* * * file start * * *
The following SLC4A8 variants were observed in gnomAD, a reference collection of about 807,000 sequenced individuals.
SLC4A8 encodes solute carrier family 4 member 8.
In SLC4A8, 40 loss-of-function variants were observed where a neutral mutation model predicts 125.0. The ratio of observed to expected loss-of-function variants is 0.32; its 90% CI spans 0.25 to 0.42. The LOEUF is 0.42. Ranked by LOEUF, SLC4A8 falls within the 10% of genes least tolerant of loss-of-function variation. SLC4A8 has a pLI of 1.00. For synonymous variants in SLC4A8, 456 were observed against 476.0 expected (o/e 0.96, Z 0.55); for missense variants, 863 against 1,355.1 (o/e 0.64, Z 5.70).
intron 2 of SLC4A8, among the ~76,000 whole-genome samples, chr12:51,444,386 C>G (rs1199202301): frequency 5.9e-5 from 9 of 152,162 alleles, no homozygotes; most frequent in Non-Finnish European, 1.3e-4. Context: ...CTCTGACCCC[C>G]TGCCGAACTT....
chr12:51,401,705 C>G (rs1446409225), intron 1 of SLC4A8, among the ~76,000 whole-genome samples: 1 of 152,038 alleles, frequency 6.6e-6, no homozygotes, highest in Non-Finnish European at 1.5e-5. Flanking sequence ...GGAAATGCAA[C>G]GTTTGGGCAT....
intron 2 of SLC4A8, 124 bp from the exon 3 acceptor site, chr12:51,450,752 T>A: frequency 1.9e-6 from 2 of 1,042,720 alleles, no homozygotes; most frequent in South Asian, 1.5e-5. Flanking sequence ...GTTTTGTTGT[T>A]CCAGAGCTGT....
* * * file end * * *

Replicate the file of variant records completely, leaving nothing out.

The following SLC4A8 variants were observed in gnomAD, a reference collection of about 807,000 sequenced individuals.
SLC4A8 encodes solute carrier family 4 member 8.
In SLC4A8, 40 loss-of-function variants were observed where a neutral mutation model predicts 125.0. The ratio of observed to expected loss-of-function variants is 0.32; its 90% CI spans 0.25 to 0.42. The LOEUF is 0.42. Ranked by LOEUF, SLC4A8 falls within the 10% of genes least tolerant of loss-of-function variation. SLC4A8 has a pLI of 1.00. For synonymous variants in SLC4A8, 456 were observed against 476.0 expected (o/e 0.96, Z 0.55); for missense variants, 863 against 1,355.1 (o/e 0.64, Z 5.70).
intron 2 of SLC4A8, among the ~76,000 whole-genome samples, chr12:51,444,386 C>G (rs1199202301): frequency 5.9e-5 from 9 of 152,162 alleles, no homozygotes; most frequent in Non-Finnish European, 1.3e-4. Context: ...CTCTGACCCC[C>G]TGCCGAACTT....
chr12:51,401,705 C>G (rs1446409225), intron 1 of SLC4A8, among the ~76,000 whole-genome samples: 1 of 152,038 alleles, frequency 6.6e-6, no homozygotes, highest in Non-Finnish European at 1.5e-5. Flanking sequence ...GGAAATGCAA[C>G]GTTTGGGCAT....
intron 2 of SLC4A8, 124 bp from the exon 3 acceptor site, chr12:51,450,752 T>A: frequency 1.9e-6 from 2 of 1,042,720 alleles, no homozygotes; most frequent in South Asian, 1.5e-5. Flanking sequence ...GTTTTGTTGT[T>A]CCAGAGCTGT....